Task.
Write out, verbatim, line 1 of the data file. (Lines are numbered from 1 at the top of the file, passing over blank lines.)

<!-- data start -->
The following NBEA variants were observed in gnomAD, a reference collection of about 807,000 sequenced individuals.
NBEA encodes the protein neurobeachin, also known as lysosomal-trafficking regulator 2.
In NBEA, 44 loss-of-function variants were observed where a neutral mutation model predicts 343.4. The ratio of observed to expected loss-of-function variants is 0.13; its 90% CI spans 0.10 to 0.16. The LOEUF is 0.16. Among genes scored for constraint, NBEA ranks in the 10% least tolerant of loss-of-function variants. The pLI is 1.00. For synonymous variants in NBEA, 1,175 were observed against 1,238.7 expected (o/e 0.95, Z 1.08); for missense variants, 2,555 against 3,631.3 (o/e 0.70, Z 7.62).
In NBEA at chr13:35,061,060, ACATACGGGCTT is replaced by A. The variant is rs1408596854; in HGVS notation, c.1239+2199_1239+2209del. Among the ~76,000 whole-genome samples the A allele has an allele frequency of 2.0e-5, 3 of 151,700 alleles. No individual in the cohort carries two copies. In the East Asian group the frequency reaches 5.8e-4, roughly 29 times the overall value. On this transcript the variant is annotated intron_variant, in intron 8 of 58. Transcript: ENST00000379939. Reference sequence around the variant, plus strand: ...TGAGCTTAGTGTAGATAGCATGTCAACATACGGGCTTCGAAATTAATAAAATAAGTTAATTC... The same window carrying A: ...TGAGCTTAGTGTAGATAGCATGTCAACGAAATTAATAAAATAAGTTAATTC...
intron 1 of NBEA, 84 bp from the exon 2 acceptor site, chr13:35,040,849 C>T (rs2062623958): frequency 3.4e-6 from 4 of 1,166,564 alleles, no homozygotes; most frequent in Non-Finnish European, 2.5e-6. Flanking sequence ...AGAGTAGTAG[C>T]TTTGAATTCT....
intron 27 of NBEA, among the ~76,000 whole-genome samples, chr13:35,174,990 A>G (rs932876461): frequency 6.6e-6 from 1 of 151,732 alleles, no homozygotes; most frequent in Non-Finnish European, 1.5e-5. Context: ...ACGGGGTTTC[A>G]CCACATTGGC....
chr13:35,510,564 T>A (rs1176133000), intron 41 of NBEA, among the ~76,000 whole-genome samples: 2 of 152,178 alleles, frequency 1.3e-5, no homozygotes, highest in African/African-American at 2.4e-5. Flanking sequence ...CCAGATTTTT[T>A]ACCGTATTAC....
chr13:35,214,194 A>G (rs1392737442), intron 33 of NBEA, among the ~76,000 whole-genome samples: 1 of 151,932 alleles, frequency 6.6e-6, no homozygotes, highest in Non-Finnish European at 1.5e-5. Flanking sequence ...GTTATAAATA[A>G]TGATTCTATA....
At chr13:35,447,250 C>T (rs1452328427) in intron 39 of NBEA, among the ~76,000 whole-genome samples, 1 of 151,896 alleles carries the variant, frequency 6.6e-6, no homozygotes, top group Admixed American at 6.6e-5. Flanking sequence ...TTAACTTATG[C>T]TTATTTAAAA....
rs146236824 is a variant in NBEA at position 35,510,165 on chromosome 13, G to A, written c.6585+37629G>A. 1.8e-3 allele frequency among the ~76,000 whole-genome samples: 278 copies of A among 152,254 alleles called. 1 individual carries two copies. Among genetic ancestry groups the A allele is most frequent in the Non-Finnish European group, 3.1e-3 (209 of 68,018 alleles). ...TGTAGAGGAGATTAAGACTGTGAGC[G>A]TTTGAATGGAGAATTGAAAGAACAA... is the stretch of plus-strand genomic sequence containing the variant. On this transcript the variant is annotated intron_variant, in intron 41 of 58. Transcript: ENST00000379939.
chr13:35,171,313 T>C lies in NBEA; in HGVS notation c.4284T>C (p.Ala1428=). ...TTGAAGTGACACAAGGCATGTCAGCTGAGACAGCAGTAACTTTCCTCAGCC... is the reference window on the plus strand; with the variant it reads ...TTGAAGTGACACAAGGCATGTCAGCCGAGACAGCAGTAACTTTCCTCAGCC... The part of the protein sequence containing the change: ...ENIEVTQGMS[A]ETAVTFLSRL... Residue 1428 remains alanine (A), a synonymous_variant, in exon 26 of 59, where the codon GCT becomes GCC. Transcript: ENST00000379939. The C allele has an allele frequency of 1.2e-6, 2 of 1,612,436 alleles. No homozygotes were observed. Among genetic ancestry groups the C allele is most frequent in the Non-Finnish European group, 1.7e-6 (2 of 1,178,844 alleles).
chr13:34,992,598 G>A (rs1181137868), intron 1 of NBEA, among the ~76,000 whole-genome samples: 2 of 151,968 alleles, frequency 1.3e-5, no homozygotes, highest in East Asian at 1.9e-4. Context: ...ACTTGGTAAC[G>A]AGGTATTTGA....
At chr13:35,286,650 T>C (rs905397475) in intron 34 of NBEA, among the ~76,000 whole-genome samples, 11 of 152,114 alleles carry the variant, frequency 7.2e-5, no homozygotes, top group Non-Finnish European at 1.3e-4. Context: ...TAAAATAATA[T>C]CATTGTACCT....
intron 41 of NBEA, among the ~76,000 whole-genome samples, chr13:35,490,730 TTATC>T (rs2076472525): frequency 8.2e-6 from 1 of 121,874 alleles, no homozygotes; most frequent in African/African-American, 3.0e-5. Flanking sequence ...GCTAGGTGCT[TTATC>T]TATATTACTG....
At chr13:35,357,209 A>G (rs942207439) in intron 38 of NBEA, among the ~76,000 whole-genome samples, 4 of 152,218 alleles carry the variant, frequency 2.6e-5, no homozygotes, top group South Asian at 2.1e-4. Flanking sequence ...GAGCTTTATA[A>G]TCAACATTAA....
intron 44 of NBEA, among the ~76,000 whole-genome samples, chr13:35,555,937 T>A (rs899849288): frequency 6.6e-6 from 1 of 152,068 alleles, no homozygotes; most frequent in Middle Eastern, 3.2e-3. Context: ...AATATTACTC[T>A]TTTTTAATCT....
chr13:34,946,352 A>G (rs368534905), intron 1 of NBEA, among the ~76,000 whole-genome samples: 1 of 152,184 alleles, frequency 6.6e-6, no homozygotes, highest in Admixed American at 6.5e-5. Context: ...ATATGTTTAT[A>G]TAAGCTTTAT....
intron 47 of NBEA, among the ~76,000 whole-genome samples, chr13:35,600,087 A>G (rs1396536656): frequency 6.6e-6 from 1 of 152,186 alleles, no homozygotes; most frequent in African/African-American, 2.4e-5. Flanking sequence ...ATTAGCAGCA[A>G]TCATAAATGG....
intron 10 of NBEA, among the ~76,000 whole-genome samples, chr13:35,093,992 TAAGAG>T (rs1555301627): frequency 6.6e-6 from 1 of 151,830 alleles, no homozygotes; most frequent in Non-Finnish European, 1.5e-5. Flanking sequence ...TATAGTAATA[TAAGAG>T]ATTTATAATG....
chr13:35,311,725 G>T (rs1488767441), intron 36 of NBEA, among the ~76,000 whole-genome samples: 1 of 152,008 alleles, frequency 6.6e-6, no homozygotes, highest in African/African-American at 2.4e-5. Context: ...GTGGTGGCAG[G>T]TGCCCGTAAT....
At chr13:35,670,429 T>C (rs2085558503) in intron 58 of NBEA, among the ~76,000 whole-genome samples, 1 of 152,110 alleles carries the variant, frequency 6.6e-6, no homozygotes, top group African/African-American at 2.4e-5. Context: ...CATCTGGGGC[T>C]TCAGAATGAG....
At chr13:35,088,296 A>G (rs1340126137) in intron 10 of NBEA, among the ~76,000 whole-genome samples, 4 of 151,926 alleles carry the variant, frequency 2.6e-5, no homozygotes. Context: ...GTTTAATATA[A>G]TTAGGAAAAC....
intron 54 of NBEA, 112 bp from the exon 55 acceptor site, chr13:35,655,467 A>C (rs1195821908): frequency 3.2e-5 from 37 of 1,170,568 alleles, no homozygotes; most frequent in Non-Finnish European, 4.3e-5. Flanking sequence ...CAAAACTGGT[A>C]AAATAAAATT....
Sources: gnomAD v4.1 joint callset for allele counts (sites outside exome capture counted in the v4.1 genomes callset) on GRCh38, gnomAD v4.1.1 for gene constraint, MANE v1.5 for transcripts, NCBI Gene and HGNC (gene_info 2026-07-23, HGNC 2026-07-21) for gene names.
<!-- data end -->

The following NBEA variants were observed in gnomAD, a reference collection of about 807,000 sequenced individuals.